NOTE: IN ORDER TO BETTER SEE PHOTOS IN THEIR FULL 1600 PX. RESOLUTION, VIEW THEM IN THE ALBUM FORMAT BY CLICKING ON THE LEAD PHOTO OR ANY PHOTO IN THE POST. This is especially true for landscape shots. Thanks to Mark for the idea of adding this alert so the photos can be seen at their best!

Tuesday, October 23, 2012

Petroglyph Love, Moab 2009

Mark and Bobbie from Box Canyon Blog are in Moab right now, and that has me thinking of our short time there in 2009. Of all the places we've been it's the one that I can't wait for us to get back to.  We were only there for a few days, and it's a place that grew on me quickly.

Unfortunately I'm not as poetic as Mark, if you want to read about the throes of ecstasy seeing all that red rock can bring, head on over to his blog and see it through his eyes.  All I know is before we left I was in Love with a capital L, and I've spent every white midwest winter since then dreaming of snow drifting across that Entrada and Navajo Sandstone.

I wrote about our trip and my dreaming of returning in another post, but I thought I'd take the time to revisit the topic and go into a little depth about a new obsession that our trip awakened besides the red rock...petroglyphs.

When we stopped into the Moab visitor center a lovely lady told us we should check out some of the area petroglyphs and gave us a brochure detailing how to find them. Petroglyphs are pecked into or incised on stone walls, and pictographs were painted on stone. We haven't seen any pictographs yet, but certainly enjoyed the petroglyphs. If you want to know a little more about the rock art and the people who made it, go here.

 We started with the 125 foot panel on Potash Road.  The black patina on these sandstone cliffs is especially good for petroglyphs and the images represent a wide variety of topics from  hunting to ceremonial practices to domestic life.  Dating the rock art is difficult, but most of the rock art in the area is from multiple periods. The figures seemed so alien, but I've since done some homework and they make sense when you know the history.

What we thought looked like aliens is probably Fremont warriors with shields wearing ear bobs that hang down to their shoulders and possibly a headdress.

This one really confused me with all the lines, but after reading about the giant desert centipedes that live in the region it all clicked. The small figure in the middle toward the bottom looks like an archer chasing a big horn sheep.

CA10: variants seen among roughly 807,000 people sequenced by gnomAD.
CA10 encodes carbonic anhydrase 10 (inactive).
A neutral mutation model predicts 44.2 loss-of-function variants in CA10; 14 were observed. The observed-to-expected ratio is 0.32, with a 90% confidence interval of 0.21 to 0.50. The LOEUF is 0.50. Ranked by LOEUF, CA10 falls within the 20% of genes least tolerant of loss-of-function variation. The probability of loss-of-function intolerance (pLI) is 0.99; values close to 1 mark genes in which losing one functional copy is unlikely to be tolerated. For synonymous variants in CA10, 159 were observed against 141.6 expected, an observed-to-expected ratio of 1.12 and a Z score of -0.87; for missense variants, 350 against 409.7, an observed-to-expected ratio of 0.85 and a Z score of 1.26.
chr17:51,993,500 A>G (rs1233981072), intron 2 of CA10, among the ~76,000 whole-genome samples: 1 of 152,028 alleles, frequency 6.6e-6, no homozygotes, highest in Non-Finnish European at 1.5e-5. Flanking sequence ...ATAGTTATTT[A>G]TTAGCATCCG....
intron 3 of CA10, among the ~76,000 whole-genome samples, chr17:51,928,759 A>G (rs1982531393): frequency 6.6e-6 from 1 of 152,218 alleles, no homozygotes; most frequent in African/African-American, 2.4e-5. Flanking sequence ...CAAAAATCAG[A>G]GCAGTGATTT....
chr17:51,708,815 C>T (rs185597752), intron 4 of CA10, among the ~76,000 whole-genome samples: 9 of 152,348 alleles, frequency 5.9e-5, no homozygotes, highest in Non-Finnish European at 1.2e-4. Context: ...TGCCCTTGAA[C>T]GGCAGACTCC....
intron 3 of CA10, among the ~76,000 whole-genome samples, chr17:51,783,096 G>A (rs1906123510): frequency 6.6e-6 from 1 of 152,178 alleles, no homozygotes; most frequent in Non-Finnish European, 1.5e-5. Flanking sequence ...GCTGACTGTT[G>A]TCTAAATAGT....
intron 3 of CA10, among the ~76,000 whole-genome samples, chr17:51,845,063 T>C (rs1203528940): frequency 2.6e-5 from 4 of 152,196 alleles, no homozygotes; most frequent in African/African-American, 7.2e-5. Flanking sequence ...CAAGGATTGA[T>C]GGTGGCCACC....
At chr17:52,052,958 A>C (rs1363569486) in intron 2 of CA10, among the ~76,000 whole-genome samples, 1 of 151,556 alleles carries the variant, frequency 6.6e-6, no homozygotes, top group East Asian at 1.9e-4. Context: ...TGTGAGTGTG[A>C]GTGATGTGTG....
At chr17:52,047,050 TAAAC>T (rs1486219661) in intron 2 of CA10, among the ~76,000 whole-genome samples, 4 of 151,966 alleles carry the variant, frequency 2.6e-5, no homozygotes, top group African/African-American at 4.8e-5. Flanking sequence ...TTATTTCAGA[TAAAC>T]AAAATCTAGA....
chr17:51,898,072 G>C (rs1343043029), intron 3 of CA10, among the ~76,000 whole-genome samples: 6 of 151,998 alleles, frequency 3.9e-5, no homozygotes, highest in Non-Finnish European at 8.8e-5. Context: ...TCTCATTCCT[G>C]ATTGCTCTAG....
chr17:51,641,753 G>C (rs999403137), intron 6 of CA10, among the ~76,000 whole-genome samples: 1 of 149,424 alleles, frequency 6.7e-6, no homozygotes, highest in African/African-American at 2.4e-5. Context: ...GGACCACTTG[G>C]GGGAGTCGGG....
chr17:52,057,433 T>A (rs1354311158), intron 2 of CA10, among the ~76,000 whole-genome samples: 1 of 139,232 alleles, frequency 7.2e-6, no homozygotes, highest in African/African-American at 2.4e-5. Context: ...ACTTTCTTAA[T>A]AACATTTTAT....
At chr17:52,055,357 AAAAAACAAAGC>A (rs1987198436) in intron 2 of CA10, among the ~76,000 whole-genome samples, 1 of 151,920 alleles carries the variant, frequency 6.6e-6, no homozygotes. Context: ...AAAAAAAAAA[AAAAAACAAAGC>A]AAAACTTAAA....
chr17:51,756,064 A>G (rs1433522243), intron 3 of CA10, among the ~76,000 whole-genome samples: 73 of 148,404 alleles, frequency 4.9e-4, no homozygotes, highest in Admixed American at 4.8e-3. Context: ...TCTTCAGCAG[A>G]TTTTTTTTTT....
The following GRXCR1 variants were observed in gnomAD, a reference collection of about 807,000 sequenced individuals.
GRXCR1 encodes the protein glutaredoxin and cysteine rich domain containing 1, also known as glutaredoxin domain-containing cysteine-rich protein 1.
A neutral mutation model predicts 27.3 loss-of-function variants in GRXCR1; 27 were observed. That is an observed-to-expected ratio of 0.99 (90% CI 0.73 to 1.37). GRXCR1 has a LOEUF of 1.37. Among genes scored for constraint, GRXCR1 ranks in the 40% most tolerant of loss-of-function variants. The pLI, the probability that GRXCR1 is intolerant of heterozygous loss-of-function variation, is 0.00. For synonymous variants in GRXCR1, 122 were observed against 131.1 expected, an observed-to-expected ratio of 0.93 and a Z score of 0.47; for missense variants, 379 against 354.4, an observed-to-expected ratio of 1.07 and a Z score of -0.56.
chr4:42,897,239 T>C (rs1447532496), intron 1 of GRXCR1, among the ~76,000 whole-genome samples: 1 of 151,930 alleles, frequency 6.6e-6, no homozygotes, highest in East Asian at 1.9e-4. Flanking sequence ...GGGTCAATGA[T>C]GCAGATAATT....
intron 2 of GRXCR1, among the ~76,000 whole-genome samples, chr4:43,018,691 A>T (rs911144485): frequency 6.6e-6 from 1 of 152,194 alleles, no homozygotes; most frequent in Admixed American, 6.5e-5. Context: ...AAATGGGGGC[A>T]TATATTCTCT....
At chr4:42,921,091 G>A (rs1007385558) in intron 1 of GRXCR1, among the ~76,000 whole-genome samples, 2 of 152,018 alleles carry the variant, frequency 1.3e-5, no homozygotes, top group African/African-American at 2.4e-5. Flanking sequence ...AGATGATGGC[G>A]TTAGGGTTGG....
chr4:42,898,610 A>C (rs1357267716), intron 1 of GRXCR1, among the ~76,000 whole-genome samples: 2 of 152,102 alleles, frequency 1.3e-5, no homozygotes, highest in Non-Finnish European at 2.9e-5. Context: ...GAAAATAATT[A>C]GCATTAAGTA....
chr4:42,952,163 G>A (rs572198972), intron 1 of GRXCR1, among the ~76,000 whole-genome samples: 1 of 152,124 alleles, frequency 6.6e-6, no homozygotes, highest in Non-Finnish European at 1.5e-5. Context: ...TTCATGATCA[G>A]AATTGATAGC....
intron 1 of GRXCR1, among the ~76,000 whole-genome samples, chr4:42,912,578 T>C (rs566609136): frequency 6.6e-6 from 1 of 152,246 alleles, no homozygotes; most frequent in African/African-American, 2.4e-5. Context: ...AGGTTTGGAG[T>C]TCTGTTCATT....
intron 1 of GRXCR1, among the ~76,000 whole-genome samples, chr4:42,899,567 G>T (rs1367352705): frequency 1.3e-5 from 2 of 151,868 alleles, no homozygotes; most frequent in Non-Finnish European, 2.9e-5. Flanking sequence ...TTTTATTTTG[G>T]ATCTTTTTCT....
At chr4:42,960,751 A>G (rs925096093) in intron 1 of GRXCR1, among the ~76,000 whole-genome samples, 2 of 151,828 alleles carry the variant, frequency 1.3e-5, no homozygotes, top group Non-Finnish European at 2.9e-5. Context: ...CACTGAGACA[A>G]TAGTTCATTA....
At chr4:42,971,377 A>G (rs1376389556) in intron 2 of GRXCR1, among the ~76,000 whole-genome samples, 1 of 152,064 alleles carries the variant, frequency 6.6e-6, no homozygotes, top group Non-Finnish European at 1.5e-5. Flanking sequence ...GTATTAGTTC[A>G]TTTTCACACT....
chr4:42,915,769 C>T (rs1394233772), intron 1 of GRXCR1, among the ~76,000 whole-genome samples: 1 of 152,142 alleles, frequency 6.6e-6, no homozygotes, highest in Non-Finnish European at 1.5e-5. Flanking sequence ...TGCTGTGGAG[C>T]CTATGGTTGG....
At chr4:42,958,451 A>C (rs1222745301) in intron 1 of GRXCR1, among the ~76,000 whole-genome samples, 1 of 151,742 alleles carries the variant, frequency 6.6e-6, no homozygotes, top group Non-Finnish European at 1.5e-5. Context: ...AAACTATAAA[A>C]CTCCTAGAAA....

This one was a little more obviously a hunting scene, including archers, big horn sheep and a rather large bear!

Looks like a scorpion on the bottom left, and some type of bird figure on the far right.  The figures holding hands are perhaps women dancing. 

We were so enthralled by these images from the past that we also searched out the boulder with the birthing scene. It took us awhile to find, but I was glad that we didn't give up!

There is some debate as to whether it really is a birthing scene or just an enlarged vulva meant to depict fertility, but either way it is still a unique representation. Ranger Kathryn's blog, which I found this morning, says a breech birth...hmmm, makes sense!  There are a variety of images on the boulder. As for the image below...I still don't have a clue!  Witch on a broomstick since it's almost Halloween?  Maybe someone can help me out!

There is only one petroglyph site open to the public in Wisconsin at Roche-a-Cri State Park. I meant to get there this year but I guess it will have to wait until next year because it's a 3 hour drive from here and there is a lot more to see in the area so I'll want to make it a camping trip.

I also read a couple of great books by Craig Childs that fueled my new obsession about ancient southwestern culture.  I may not be as obsessed as he is...but I did get some great ideas for future trips, including a desire to go visit Chaco Culture. When you're traveling you just never know where your adventures will really end up taking you.  I know I got a lot more out of our trip to Moab than I had planned on!


  1. Despite the number of years we lived in Salt Lake City, and the many visits we made to the national parks in the state, Moab somehow slipped through the cracks ... it won't when we go back sometime in the next couple of years.

  2. Thanks for the link up, guys :)
    If one must have an "obsession," petroglyphs are at least legal. Spring and fall in Utah's canyons; it's hard to beat. Nice write up, too.
    Box Canyon Mark

  3. What timing! I just returned today from a trip to Arizona and Utah, spending the bulk of the two weeks in the Moab area! We love it too; there's something about the red sandstone that gets into your blood. We've visited the area almost every year for the last 20 years, and we still have not seen all the nooks and crannies of the place.